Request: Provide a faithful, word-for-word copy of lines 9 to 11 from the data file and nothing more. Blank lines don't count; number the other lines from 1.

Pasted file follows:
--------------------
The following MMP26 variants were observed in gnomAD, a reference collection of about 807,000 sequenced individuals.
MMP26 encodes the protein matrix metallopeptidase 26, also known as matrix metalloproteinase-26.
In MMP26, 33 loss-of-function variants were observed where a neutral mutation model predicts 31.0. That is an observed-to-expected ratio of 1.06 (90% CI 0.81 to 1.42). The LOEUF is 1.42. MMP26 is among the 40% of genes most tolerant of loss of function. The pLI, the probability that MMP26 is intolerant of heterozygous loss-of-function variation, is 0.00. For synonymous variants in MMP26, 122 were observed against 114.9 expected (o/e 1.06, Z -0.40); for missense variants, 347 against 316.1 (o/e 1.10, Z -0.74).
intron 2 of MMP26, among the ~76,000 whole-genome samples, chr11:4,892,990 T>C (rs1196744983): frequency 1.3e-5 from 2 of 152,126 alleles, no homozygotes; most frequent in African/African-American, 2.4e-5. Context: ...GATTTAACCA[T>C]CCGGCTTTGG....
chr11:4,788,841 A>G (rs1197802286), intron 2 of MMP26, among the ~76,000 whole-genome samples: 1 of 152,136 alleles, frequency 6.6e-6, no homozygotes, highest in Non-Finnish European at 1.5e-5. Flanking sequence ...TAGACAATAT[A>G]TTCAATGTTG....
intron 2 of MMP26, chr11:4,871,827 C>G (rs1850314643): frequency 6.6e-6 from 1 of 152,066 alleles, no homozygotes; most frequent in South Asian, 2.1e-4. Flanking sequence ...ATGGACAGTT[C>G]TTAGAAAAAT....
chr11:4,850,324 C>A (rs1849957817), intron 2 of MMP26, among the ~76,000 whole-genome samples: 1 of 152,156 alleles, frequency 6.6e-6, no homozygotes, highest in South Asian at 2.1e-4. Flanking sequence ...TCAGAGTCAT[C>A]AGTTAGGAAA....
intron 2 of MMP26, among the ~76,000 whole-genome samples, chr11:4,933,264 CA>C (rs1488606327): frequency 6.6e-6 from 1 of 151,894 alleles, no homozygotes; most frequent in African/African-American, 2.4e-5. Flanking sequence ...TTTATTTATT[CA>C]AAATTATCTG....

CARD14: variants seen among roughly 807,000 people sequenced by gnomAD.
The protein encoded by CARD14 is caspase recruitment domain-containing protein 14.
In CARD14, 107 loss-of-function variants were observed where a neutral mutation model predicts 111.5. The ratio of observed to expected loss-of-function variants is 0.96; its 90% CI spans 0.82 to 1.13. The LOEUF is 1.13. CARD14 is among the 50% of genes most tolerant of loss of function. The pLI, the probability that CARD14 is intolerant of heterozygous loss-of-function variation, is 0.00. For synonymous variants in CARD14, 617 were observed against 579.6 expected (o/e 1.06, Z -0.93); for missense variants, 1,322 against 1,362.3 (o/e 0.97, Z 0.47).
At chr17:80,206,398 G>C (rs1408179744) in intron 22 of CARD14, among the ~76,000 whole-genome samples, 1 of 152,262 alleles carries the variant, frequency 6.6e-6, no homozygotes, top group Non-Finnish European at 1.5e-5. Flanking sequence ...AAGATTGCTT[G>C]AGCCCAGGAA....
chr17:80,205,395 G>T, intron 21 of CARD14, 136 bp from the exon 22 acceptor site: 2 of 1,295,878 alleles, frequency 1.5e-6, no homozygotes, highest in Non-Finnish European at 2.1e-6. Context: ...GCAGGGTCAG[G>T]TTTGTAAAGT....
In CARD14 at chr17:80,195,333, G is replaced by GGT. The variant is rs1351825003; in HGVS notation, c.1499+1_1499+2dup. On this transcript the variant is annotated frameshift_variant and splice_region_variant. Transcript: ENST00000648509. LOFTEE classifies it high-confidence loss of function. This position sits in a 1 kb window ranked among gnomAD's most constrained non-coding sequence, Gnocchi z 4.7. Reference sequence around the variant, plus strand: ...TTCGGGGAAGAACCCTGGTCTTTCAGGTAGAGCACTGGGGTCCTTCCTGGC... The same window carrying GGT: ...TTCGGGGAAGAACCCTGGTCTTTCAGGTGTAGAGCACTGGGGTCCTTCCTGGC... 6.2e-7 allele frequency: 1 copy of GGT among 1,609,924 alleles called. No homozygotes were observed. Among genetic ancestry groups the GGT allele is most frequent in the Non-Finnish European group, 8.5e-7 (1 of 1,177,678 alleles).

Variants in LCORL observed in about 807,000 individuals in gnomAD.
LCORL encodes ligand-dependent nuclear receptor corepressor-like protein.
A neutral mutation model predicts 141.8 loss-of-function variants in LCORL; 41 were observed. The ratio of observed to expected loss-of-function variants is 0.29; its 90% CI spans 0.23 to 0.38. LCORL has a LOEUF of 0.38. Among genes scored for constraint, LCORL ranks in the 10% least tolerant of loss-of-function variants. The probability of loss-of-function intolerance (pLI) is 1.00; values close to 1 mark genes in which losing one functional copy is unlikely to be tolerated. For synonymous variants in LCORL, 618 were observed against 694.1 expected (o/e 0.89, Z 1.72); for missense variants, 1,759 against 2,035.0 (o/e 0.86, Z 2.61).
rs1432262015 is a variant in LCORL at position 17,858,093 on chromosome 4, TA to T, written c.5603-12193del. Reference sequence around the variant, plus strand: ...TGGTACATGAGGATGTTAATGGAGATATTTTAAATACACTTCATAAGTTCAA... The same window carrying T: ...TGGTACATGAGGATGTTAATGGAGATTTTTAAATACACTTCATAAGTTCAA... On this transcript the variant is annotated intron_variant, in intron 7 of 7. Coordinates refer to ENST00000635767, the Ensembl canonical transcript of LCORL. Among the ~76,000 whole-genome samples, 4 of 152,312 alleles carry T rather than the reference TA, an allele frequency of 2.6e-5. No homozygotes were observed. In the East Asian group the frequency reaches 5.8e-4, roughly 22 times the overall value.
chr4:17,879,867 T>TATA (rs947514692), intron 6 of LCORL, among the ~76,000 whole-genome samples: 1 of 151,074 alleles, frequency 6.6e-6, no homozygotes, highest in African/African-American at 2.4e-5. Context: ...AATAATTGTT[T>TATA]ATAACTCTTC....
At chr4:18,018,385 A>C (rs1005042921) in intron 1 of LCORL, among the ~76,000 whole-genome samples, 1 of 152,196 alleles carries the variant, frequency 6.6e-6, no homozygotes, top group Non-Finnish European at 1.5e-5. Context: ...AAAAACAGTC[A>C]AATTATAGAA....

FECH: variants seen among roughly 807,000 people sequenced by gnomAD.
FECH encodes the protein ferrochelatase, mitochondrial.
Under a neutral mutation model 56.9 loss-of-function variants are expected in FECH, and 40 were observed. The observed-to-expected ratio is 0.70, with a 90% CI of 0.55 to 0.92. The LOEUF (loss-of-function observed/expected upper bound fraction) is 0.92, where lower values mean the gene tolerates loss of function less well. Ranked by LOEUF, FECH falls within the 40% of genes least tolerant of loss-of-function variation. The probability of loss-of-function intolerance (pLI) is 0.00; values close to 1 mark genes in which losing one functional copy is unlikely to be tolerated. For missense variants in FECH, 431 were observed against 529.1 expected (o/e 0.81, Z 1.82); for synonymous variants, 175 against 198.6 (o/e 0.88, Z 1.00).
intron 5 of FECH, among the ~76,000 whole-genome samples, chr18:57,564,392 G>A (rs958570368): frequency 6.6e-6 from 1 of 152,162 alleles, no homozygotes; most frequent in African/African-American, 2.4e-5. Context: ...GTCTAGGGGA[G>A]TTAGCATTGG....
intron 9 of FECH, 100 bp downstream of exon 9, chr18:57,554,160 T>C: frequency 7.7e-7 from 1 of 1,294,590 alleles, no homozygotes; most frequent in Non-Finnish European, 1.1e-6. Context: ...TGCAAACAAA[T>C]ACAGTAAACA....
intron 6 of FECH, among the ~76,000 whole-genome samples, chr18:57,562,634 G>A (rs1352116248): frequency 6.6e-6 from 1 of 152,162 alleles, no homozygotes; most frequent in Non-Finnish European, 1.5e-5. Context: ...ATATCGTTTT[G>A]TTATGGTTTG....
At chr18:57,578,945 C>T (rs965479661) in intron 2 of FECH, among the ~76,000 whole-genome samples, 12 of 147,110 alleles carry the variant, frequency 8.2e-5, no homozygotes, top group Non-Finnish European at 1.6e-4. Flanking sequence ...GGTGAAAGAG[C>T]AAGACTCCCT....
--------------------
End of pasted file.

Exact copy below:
CARD14: variants seen among roughly 807,000 people sequenced by gnomAD.
The protein encoded by CARD14 is caspase recruitment domain-containing protein 14.
In CARD14, 107 loss-of-function variants were observed where a neutral mutation model predicts 111.5. The ratio of observed to expected loss-of-function variants is 0.96; its 90% CI spans 0.82 to 1.13. The LOEUF is 1.13. CARD14 is among the 50% of genes most tolerant of loss of function. The pLI, the probability that CARD14 is intolerant of heterozygous loss-of-function variation, is 0.00. For synonymous variants in CARD14, 617 were observed against 579.6 expected (o/e 1.06, Z -0.93); for missense variants, 1,322 against 1,362.3 (o/e 0.97, Z 0.47).